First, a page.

Pinipig are immature grains of glutinous rice pounded until flat before being toasted. It is commonly used as toppings for various desserts in Philippine cuisine, but can also be eaten plain, made into cakes, or mixed with drinks and other dishes.
Pinipig is made solely from glutinous rice (malagkit or "sticky" rice). The grains are harvested while still green. They are husked and the chaff is separated from the grain (traditionally using large flat winnowing baskets called bilao). The resulting bright green kernels are then pounded in large wooden mortars and pestles until flat. They are then toasted dry on pans or baked until crisp.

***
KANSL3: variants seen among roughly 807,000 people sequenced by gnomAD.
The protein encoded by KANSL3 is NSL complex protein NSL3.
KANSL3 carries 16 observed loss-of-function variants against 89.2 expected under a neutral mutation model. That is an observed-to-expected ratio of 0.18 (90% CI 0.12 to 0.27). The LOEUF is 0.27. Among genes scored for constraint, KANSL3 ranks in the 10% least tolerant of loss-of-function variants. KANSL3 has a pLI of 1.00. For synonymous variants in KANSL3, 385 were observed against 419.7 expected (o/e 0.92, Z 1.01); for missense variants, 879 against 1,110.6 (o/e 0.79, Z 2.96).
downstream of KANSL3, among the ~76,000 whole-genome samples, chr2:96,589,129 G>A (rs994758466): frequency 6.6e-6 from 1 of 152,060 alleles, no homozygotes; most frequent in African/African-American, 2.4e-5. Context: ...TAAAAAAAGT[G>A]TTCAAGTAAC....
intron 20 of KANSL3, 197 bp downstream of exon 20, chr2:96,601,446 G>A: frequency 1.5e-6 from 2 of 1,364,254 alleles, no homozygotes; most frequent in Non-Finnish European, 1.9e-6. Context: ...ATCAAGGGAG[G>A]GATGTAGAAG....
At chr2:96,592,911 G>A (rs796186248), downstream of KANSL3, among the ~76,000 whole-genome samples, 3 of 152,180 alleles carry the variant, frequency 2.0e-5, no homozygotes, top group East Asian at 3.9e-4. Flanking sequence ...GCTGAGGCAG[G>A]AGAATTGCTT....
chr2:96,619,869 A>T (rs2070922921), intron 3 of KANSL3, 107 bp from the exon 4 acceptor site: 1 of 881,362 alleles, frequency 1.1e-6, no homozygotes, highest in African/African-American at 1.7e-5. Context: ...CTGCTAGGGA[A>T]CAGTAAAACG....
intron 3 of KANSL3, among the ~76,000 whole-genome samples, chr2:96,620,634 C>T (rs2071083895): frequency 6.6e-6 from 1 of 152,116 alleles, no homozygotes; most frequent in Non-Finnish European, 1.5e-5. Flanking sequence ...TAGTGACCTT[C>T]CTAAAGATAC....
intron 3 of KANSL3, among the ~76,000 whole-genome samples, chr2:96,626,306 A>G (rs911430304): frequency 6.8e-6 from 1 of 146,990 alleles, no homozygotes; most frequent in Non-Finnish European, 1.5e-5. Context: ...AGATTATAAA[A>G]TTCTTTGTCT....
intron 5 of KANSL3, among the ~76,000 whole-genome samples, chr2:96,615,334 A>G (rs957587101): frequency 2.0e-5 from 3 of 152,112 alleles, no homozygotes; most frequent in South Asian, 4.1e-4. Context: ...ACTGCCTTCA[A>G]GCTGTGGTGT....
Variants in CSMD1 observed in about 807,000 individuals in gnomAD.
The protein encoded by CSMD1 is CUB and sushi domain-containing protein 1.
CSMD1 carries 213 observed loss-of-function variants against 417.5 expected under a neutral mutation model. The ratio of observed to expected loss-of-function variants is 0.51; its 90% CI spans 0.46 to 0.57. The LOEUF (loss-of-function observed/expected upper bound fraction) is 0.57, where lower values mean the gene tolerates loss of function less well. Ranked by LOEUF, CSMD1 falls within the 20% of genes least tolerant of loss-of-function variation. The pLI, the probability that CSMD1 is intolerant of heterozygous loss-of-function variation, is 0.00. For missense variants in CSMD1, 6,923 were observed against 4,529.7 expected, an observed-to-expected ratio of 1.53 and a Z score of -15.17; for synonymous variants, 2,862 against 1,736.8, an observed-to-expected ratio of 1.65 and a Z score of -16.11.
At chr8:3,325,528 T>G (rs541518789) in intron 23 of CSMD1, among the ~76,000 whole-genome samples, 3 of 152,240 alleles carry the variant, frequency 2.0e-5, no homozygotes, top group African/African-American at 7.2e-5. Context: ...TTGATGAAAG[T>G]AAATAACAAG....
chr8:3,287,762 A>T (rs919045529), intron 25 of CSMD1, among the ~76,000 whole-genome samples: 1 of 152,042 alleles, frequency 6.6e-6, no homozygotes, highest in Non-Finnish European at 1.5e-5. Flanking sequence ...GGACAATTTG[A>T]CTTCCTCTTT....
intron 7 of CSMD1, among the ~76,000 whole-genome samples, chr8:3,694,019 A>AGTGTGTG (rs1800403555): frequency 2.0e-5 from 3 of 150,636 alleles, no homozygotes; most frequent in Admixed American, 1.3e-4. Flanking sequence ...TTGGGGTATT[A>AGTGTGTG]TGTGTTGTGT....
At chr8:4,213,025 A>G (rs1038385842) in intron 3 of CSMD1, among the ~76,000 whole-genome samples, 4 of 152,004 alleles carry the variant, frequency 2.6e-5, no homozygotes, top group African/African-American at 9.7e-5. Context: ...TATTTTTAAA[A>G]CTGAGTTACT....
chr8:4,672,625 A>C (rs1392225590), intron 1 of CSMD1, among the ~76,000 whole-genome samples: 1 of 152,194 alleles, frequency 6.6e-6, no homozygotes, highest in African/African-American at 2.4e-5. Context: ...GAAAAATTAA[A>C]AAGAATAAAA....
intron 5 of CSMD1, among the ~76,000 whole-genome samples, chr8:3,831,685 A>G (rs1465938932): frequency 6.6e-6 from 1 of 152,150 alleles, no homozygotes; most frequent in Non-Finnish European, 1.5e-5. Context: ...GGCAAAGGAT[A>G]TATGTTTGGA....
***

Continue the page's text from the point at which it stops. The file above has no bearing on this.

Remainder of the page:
Pinipig are characteristically light green in color when fresh, but usually become yellowish white to brown when toasted. They superficially resemble grains of oats, and are often confused with puffed rice. The texture is crunchy on the exterior with a chewy center.
A notable regional variant of the pinipig is the duman, which is made in Santa Rita, Pampanga in the Philippines. Duman, like pinipig, is also made from immature grains of glutinous rice, but it is toasted before it is pounded. 
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